In New York, City Council Speaker Peter Vallone, who trails Gov. George Pataki badly in the governor's race, has run ads defending Clinton. Vallone's approach has been to acknowledge Clinton's mistake, forgive him and urge the nation to "move on."
In a reflection of the way the impeachment issue cuts both ways, consider some of the recent rhetoric of Vice President Al Gore, who has become the Democrats' campaigner-in-chief, standing in for the damaged Clinton. Gore talks more directly about the investigation than some Republican candidates.
At a California campaign rally earlier this week, Gore made his point with a rhyming rhetorical flourish.
"The difference in our approaches is clear," Gore said. "We say legislate, they say investigate. We say educate, they say castigate. We say illuminate, they say interrogate. We say unify, they say vilify. We say make the decisions, they say take depositions. We say cure the sick, they play partisan tricks. We say let's heal our nation, they just say more investigation."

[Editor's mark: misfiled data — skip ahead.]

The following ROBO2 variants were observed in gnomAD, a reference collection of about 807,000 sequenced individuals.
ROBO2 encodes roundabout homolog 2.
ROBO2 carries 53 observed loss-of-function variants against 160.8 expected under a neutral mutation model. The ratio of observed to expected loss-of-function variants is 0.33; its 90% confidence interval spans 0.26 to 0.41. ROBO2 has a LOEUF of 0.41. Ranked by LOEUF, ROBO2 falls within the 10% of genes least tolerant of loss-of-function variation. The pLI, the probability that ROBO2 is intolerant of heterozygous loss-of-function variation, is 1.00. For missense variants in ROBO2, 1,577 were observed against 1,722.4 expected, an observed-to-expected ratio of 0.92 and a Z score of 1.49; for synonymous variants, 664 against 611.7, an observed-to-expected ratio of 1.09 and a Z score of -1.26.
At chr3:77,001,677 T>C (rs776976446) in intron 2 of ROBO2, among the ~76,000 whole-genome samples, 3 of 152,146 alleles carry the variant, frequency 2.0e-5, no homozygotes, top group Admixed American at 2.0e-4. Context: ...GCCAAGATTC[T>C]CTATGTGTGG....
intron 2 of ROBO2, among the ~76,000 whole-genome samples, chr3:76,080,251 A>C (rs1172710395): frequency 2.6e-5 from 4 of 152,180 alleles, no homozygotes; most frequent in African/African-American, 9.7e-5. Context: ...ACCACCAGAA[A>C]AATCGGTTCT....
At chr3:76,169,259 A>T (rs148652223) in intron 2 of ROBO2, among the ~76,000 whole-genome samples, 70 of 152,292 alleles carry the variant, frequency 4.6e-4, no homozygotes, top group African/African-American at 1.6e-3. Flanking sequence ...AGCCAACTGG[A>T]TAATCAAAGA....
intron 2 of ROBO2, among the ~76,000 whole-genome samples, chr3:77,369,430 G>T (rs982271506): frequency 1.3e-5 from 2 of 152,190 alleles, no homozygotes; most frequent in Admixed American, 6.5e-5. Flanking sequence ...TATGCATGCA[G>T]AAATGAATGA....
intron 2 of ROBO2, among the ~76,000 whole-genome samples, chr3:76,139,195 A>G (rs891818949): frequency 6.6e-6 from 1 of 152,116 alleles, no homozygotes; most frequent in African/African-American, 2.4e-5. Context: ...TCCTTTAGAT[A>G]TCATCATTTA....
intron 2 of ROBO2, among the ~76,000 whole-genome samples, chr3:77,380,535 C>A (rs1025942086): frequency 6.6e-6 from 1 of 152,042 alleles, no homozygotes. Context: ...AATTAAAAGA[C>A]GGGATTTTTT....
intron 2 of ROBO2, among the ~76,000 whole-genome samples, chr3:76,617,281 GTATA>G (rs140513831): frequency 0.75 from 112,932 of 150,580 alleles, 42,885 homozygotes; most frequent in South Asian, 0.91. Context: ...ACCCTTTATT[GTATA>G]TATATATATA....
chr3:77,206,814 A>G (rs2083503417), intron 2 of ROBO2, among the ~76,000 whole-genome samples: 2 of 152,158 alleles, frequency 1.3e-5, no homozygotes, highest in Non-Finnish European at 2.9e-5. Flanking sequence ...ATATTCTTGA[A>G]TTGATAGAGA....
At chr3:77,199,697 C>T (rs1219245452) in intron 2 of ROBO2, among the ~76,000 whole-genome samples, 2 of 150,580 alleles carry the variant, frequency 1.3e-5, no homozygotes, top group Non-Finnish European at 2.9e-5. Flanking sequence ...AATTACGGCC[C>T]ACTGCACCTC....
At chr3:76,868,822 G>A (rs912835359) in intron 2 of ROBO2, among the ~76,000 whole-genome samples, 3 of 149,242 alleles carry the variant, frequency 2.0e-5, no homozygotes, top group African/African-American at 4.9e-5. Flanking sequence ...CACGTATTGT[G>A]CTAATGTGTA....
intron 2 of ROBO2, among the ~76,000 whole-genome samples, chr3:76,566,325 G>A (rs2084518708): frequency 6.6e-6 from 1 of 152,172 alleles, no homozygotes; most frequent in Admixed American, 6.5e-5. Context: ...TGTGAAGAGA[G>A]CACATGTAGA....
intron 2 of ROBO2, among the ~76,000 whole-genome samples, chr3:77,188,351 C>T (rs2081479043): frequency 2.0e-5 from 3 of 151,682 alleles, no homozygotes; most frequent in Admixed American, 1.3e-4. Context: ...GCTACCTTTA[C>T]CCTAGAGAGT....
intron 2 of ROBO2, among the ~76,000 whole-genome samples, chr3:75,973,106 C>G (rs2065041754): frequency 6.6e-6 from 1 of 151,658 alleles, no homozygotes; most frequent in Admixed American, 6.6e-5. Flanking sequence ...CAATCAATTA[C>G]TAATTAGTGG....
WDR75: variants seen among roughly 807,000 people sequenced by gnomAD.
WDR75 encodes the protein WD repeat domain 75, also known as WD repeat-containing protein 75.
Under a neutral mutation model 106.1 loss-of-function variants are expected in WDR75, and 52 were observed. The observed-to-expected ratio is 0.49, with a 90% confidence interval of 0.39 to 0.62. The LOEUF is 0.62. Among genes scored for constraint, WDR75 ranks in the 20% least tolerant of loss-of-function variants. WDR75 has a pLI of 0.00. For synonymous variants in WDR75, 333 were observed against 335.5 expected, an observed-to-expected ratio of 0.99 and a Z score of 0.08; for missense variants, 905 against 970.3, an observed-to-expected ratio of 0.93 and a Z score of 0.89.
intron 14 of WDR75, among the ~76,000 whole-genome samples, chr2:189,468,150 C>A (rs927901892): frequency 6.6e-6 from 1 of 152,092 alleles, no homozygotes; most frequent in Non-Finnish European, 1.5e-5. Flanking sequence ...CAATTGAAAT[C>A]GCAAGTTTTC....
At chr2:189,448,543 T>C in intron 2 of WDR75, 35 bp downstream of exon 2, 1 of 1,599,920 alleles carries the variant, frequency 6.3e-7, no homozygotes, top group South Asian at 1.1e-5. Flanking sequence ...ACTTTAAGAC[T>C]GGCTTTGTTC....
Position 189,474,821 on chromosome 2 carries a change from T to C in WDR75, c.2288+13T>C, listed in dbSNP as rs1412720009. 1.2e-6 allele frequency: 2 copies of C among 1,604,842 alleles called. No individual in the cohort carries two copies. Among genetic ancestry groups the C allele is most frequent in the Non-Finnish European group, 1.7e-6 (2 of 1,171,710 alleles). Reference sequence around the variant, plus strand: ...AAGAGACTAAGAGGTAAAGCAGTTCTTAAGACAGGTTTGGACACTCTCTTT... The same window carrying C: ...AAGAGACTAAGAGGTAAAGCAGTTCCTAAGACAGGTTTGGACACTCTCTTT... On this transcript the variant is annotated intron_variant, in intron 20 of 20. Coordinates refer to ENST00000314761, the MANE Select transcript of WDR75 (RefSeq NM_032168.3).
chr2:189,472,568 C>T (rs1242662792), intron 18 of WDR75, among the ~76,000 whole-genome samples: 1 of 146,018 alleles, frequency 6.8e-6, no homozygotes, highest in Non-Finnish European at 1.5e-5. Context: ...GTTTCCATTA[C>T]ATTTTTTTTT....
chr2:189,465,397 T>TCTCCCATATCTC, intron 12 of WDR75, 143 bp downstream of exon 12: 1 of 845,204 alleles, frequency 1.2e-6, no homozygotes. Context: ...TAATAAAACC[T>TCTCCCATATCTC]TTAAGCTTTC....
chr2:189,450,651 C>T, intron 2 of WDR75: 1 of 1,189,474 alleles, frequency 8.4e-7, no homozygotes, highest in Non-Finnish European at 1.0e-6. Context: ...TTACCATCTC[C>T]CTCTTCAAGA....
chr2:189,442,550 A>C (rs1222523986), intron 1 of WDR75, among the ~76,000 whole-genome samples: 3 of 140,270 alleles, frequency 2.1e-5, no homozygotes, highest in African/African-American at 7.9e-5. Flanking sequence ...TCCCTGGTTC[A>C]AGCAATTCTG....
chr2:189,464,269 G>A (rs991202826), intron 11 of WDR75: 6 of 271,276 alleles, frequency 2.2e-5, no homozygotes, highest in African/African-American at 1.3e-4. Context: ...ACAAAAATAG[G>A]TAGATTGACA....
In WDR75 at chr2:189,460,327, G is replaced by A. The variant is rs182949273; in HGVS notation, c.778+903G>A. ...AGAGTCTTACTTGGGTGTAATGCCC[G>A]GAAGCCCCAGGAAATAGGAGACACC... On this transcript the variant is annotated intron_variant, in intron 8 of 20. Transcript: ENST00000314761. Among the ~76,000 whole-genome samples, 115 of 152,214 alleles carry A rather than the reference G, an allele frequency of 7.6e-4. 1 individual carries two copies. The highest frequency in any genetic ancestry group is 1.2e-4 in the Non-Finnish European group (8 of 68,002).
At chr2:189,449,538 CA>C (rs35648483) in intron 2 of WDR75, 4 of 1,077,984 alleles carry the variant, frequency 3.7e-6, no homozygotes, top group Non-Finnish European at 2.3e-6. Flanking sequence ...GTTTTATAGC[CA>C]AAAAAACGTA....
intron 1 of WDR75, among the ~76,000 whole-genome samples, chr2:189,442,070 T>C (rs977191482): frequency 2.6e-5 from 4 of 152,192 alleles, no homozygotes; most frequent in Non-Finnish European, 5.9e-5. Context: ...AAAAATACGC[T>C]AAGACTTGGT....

Finally, impeachment as a factor in the election has been trumped by voter's general satisfaction with the state of the nation. A full 78 percent of the American public thinks things are going well, which CNN analyst Bill Schneider reports is the highest figure ever recorded this close to an election.
That satisfaction bodes well for incumbents, Democrats and Republicans alike, notwithstanding the president's problems.
The wild card, though, is whether the prospect of impeachment may energize certain groups of voters to turn out in greater numbers -- either Republicans disgusted with Clinton's behavior or Democrats disgusted with Congress' handling of the Starr report and impeachment inquiry so far.